Non-alcoholic beverage producers face challenging and uncertain times ahead in the U.S., at least when considering the prospects for major refreshment brands. American consumers demonstrate a growing sensitivity to sugar consumption and overall ingredient content, with many Americans preferring to avoid artificial sweeteners as a sugar-reduction solution, according to Euromonitor International’s Lifestyles Survey. Bottled water remains the single largest area of consumption growth in U.S. packaged beverages, according to Euromonitor International. While premium water brands have outperformed in recent years, a large percentage of this new retail water volume still flows to relatively low-value commoditized packaged brands and private label alternatives.
Packaged beverage consumption extends to several potential occasions beyond simple refreshment or caffeinated energy. Americans demand not only healthier options, but drinks that have a positive impact on their broader health. Consumers are likely to reach for natural, functional, flavorful and plant-based liquid beverages as part of a wider nutrition and wellness routine.
The rising phenomenon of pill fatigue in over-the-counter (OTC) medication is pushing Americans toward alternative delivery formats for vitamins and supplements, including gummies, snacks, tonics and ready-to-drink (RTD) beverages. A dedicated group of consumers seek liquid beverage options high in plant-based protein, carbohydrates and alternative energy sources to support sports and gym activities, or supplement meals. Even the social adult beverage is taking a more mindful, health-focused positioning.
Creating a natural, fresh meal-replacement drink
One shelf space to watch will be fresh, natural meal-replacement and nutrition supplementation drinks. In the U.S., meal replacement in all formats reached US$2.5 billion in sales in 2019 with another $1 billion from RTD sports protein beverages and $1.2 billion from supplement nutrition drinks. The space has historically been dominated by shelf-stable, highly processed products with a pharmaceutical positioning. Consumers motivated to pursue ketogenic, high-protein diets yet wary of artificial, unfamiliar ingredients is creating a fresh wave of innovation in natural, everyday nutritive drinks.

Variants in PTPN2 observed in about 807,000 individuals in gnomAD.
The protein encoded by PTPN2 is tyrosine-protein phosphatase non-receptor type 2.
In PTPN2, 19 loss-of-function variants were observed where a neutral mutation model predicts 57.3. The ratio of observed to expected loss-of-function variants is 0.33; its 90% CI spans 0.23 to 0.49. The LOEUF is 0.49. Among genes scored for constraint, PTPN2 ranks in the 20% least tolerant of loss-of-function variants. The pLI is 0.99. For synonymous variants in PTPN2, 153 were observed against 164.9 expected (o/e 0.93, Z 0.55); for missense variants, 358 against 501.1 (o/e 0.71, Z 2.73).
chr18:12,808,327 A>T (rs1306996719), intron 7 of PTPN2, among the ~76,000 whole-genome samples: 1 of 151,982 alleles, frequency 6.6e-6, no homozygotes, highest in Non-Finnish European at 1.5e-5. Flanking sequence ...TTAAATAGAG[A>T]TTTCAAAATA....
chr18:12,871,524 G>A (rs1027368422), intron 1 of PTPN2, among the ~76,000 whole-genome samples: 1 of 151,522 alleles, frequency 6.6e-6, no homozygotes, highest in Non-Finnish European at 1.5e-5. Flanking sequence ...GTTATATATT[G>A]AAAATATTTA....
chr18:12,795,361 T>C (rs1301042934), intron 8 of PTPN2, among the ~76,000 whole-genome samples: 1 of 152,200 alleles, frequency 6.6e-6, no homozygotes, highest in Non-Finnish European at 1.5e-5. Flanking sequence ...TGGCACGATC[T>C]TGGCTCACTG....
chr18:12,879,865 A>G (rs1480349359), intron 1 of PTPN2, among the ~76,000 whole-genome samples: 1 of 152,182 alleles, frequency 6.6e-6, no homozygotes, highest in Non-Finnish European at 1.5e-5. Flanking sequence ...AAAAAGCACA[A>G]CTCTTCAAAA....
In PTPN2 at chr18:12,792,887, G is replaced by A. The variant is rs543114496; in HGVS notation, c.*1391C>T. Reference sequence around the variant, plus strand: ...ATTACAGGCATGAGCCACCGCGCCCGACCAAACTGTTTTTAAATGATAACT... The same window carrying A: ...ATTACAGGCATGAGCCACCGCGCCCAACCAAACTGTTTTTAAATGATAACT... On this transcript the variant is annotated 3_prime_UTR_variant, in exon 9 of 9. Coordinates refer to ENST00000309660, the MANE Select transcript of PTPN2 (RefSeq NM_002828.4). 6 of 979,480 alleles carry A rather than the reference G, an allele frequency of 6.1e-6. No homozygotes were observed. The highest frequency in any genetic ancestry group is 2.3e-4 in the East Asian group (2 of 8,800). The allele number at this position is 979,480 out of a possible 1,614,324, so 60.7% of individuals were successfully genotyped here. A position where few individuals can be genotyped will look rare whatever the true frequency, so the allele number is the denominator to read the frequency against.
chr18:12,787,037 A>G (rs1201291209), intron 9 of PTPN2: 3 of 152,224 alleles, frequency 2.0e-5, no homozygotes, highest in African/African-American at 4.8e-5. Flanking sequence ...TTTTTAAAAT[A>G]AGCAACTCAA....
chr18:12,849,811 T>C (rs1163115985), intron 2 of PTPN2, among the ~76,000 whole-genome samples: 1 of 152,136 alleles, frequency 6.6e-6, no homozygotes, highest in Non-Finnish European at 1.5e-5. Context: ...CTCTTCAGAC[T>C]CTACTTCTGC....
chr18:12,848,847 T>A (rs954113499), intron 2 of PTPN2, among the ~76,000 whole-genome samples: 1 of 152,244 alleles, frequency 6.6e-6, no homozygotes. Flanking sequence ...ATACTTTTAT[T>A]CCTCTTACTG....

Brands like Soylent have enjoyed considerable success in recent years, gaining mainstream appeal and winning Walmart distribution in 2019. Ample is a U.S. brand producing a meal replacement powder packaged in a polyethylene terephthalate (PET) plastic bottle and focused on simplicity and transparency with ingredients, including whey protein, coconut oil, whole-grain oat powder, chicory root fiber and pea protein.
While plant-based proteins are all the rage, premium dairy milk products also play a role in boosting the fresh, perishable appeal of meal replacement beverages. Coca-Cola, the largest player in global beverages, entered the category with the launch of a Nutrition Plan meal-replacement shake in 2019 by the company’s Fairlife premium dairy brand. This is in addition to the brand’s successful Fairlife Core Power high-protein milkshakes with a direct sports RTD protein positioning.
Big, functional brands in small sizes
A more nutritious approach to beverage consumption can also mean downsizing the package format and occasion, particularly in high-sugar categories. A resurgence of the 2- to 3-ounce shot and tonic format in supplements and beverages, which was first popularized in the U.S. by energy shots a decade ago, may boost fruit juice production; innovation in herbal and botanical supplement shots continues to thrive.
Potent juice-based shots can link plant-based ingredients to clear functional benefits like digestion, energy, skin health or immune system protection while minimizing the sugar and calories associated with larger RTD juice formats. Ingredients like ginger, apple cider vinegar, cayenne and turmeric as well as traditional adaptogens can be mixed with shot servings of juice for maximum appeal. Collagen and CBD oil are on-trend functional ingredients in the U.S. wellness space, and small liquid shots can be a popular, palatable delivery format for both.
A better children’s beverage